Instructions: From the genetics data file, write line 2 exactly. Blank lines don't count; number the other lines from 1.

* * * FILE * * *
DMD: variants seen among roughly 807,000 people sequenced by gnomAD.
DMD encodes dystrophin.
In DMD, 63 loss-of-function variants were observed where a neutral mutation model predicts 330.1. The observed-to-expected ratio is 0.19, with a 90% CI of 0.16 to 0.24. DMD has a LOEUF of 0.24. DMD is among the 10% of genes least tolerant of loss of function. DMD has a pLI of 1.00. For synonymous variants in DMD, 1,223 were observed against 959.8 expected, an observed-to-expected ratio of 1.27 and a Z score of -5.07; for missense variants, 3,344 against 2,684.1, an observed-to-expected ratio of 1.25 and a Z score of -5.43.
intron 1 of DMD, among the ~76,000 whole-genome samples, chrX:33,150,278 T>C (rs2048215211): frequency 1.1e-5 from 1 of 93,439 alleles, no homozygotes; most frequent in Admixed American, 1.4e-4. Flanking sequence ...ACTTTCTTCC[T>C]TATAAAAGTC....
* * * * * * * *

DMD encodes dystrophin.